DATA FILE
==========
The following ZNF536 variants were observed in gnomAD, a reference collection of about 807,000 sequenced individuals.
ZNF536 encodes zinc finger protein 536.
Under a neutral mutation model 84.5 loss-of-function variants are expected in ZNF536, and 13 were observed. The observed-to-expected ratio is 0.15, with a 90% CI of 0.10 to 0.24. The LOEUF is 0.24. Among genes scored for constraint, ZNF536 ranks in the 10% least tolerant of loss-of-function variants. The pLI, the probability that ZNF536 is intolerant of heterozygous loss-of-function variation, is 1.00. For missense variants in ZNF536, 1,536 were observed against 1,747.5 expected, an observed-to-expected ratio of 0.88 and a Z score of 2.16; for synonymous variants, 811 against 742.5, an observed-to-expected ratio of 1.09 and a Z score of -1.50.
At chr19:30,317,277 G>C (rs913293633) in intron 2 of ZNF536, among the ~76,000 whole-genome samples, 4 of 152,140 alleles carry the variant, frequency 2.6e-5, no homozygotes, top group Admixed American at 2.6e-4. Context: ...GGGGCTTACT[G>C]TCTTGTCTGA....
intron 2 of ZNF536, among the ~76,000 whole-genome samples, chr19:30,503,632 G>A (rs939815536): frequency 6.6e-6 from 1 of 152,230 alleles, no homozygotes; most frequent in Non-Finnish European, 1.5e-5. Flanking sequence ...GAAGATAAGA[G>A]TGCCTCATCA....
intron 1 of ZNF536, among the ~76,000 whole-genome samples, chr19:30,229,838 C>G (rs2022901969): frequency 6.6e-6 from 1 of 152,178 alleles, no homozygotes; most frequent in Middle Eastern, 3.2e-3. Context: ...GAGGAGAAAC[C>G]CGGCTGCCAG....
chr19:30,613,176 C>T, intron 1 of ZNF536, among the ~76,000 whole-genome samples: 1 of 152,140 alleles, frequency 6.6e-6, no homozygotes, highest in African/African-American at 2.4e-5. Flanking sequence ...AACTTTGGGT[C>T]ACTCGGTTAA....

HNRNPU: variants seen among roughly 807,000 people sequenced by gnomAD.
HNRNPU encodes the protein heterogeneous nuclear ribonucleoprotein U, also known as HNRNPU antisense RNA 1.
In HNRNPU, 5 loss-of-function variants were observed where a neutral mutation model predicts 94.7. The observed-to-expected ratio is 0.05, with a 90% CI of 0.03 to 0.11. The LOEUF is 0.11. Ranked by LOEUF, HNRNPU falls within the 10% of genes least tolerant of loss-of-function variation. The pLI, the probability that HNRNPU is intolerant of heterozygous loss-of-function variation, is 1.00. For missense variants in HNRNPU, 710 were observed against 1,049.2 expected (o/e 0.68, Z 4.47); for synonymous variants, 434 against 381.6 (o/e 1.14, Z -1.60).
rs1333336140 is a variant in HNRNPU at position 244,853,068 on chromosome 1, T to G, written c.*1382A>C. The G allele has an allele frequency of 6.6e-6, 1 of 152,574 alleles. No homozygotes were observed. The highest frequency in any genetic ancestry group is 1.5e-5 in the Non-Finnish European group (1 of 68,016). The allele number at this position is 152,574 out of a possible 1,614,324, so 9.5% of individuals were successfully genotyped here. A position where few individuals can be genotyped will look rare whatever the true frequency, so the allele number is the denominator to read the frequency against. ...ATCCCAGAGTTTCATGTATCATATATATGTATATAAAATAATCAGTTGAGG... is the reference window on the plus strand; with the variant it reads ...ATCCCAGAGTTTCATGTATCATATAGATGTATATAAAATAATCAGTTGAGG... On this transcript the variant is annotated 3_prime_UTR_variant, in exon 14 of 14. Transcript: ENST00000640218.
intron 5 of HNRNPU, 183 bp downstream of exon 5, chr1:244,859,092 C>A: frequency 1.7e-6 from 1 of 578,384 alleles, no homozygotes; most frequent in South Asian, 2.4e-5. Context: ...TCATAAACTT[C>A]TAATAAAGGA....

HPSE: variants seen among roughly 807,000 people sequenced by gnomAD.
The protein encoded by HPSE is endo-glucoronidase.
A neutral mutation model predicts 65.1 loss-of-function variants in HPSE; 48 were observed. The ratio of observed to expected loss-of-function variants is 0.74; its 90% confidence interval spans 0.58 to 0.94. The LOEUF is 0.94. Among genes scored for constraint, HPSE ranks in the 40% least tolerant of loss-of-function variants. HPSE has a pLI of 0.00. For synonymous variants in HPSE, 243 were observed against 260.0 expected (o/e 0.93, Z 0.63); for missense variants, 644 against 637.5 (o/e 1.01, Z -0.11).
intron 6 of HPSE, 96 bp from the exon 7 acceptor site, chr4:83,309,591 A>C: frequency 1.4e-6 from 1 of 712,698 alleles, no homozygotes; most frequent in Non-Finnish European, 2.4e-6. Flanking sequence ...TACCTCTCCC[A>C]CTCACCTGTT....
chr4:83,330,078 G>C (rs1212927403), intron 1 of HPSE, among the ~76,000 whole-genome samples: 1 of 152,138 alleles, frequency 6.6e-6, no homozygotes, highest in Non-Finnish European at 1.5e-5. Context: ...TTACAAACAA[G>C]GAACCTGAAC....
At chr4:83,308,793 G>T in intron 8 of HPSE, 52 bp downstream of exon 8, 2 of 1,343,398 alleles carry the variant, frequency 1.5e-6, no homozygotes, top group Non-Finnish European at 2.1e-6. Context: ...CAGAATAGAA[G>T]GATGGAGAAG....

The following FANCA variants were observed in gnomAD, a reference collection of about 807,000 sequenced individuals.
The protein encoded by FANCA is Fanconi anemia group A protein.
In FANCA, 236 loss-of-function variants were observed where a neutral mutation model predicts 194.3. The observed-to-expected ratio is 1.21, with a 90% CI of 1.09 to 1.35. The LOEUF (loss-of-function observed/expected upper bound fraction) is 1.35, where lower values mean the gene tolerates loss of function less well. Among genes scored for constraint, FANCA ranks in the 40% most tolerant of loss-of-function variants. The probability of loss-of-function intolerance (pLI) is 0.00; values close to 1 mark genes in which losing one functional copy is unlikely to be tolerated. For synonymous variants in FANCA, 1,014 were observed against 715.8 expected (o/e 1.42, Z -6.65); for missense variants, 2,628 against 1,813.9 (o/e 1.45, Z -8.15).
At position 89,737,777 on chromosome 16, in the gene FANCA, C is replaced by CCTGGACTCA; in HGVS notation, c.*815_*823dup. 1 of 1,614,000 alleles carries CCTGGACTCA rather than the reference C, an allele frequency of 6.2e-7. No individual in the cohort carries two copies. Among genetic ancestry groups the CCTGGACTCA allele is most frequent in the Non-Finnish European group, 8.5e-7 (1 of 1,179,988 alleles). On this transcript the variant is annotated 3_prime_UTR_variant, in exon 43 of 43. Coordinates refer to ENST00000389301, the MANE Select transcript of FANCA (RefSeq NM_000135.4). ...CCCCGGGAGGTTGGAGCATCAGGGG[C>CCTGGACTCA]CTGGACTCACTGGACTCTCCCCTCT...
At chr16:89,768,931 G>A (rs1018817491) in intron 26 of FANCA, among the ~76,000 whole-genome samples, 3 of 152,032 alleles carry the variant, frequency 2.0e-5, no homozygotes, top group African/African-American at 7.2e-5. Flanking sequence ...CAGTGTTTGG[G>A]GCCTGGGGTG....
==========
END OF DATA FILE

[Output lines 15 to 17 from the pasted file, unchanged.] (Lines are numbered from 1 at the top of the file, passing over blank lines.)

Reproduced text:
A neutral mutation model predicts 65.1 loss-of-function variants in HPSE; 48 were observed. The ratio of observed to expected loss-of-function variants is 0.74; its 90% confidence interval spans 0.58 to 0.94. The LOEUF is 0.94. Among genes scored for constraint, HPSE ranks in the 40% least tolerant of loss-of-function variants. HPSE has a pLI of 0.00. For synonymous variants in HPSE, 243 were observed against 260.0 expected (o/e 0.93, Z 0.63); for missense variants, 644 against 637.5 (o/e 1.01, Z -0.11).
intron 6 of HPSE, 96 bp from the exon 7 acceptor site, chr4:83,309,591 A>C: frequency 1.4e-6 from 1 of 712,698 alleles, no homozygotes; most frequent in Non-Finnish European, 2.4e-6. Flanking sequence ...TACCTCTCCC[A>C]CTCACCTGTT....
chr4:83,330,078 G>C (rs1212927403), intron 1 of HPSE, among the ~76,000 whole-genome samples: 1 of 152,138 alleles, frequency 6.6e-6, no homozygotes, highest in Non-Finnish European at 1.5e-5. Context: ...TTACAAACAA[G>C]GAACCTGAAC....